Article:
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July 19, 2023

Center City's largest pollinator garden to bloom in Sister Cities Park

At the southeastern end of the park, 4,000 native plants were installed to offer a safe haven for bees, butterflies and birds

Wildlife Gardens
sister cities park garden Thom Carroll/PhillyVoice

A 4,000-plant pollinator garden is being installed in Sister Cities Park, which will offer an urban refuge for birds, bees and butterflies. Above, a file photo of Sister Cities Park.

Logan Square visitors will soon be charmed by colorful butterflies, buzzing bumblebees and melodic birds in a beautiful field of plants and flowers.

Center City District is renovating a 6,000-square-foot area of Sister Cities Park — a public space located on Benjamin Franklin Parkway midway between City Hall and the Philadelphia Museum of Art — into a pollinator garden featuring 4,000 native plants, flowers and grasses.

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This spring, sightline-blocking hedges were cleared to make room for the new garden, which will be located at the southeastern end of the park where North 18th Street and Ben Franklin Parkway meet. 

New plantings were installed during the month of June in phases determined by weather and availability of the 14 plant varieties. The garden was planned by CCD's landscape team and horticulture partners to act as an urban refuge for birds, bees, butterflies and insects.

sister cities gardenProvided Image/Center City District

The Sister Cities Park area where the new pollinator garden is located is pictured before the sightline-blocking hedges were cleared (top). A rendering (bottom) shows what the garden will look like once the plants grow.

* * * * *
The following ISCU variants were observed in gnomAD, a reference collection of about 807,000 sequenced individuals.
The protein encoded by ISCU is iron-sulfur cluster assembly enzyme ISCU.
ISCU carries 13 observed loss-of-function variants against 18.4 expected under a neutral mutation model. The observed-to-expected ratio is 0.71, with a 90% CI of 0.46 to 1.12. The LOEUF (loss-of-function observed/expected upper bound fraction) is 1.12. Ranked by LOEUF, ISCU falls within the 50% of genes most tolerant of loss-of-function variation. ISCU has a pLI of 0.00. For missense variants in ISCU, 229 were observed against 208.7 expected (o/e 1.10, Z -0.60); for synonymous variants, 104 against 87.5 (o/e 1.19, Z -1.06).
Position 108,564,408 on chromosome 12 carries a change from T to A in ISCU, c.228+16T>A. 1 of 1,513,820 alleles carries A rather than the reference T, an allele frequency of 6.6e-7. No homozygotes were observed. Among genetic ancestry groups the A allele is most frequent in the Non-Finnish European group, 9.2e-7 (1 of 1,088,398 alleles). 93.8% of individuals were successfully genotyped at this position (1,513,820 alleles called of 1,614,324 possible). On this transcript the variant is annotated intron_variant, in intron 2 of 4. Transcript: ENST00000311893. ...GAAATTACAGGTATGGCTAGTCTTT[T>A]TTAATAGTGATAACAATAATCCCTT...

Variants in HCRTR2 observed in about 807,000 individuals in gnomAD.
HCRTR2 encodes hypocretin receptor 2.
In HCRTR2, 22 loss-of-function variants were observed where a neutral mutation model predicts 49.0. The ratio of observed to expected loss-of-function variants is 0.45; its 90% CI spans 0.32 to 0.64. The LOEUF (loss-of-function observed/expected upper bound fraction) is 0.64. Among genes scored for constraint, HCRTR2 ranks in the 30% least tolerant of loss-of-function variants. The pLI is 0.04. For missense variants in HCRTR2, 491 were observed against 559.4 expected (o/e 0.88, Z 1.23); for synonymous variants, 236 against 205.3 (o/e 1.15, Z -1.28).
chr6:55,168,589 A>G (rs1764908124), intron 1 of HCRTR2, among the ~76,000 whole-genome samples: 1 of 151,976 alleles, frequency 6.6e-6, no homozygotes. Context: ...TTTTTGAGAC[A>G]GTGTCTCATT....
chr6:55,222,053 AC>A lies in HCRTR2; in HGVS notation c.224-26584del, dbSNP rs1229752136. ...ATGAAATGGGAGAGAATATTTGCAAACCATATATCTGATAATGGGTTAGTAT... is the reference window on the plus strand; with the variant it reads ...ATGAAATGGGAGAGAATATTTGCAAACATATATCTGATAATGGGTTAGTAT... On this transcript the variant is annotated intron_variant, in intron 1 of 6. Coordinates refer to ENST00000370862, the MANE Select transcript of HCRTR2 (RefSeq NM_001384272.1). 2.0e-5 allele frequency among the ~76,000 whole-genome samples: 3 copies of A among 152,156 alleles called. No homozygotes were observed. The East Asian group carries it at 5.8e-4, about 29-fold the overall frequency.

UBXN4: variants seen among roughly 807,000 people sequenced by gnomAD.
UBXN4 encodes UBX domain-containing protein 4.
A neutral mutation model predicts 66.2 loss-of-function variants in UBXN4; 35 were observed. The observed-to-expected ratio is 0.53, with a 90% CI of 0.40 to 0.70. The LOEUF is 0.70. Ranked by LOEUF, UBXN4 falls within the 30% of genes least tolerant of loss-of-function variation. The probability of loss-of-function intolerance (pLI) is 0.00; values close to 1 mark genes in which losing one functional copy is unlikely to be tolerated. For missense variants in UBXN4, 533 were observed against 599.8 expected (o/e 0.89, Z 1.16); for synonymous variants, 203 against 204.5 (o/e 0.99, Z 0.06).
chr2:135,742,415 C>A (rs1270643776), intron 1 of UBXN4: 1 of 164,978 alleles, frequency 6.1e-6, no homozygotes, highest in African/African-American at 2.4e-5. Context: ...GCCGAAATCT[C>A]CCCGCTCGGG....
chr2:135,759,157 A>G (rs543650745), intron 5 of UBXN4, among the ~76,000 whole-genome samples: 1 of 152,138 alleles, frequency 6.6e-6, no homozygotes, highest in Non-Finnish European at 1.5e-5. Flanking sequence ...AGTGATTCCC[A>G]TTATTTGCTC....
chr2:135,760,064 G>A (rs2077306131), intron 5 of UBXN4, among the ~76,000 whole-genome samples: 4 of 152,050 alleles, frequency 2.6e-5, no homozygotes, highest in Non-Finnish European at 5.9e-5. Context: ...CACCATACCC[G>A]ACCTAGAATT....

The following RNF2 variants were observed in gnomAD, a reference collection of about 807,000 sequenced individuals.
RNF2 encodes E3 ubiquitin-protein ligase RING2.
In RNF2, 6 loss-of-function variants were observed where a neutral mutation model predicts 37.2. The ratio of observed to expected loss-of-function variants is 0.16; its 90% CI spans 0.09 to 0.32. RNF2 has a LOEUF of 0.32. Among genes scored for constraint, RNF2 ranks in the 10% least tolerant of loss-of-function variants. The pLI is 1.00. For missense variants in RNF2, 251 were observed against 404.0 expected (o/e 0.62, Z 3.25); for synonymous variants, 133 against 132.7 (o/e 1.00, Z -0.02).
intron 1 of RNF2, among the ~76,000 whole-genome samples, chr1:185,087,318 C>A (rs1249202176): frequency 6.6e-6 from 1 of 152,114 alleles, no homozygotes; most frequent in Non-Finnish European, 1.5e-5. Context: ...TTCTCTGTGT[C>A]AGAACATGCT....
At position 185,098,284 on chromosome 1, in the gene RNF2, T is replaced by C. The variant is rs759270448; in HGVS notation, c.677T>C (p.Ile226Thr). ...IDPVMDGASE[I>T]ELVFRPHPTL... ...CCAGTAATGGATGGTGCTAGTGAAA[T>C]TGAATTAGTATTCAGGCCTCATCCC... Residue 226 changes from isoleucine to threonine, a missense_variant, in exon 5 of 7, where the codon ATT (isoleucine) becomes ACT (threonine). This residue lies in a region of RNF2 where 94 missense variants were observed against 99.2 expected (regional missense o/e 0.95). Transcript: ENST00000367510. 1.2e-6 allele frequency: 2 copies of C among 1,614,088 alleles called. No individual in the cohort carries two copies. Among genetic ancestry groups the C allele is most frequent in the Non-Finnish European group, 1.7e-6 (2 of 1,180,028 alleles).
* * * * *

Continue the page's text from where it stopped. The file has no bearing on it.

“The re-envisioning of this spot in Sister Cities Park is both beautiful and functional,” said CCD Vice President of Parks and Public Realm Prema Katari Gupta. “It will improve sightlines and visibility in the park, provide a joyous and colorful new experience for visitors, and create an eco-friendly benefit as what we believe will be Center City’s biggest pollinator garden.”

Pollinating plants in a small "test plot" planted two years ago are "thriving" today, giving visitors an indication of the lush, colorful flora they can expect to grow in the enlarged garden.

Some of the pollinator-friendly species include black-eyed Susan, common milkweed, bluestem, prairie dropseed, ironweed, Joe-Pye weed, goldenrod, blue flag iris and muhly grass. Each plant was selected for its ability to act as a source of food and shelter for migratory and native birds and insects.

Animal pollinators — like bees, beetles, moths, butterflies, birds and bats — are crucial to humans' food supply because they pollinate the crops that we consume. Unfortunately, habitat loss and environmental contaminants are contributing to a decline in the number of pollinators; many die because they cannot find the right quantity or quality of food, which comes from the nectar and pollen of blooming plants. There aren’t enough pollinator-friendly plantings to support pollinators in the United States, which is why pollinator gardens like the one at Sister Cities Park are important.

Sister Cities Park was first dedicated in 1976 to recognize Philadelphia's commitment to the international Sister Cities partnership program. The park was redesigned and rededicated in 2012.

Along with its new pollinator garden, Sister Cities Park also houses a café, the Children's Discovery Garden and a fountain with 11 geyser-like spouts, to represent each of Philadelphia's sister cities.

Sister Cities Park is open every day from 6-1 a.m. 

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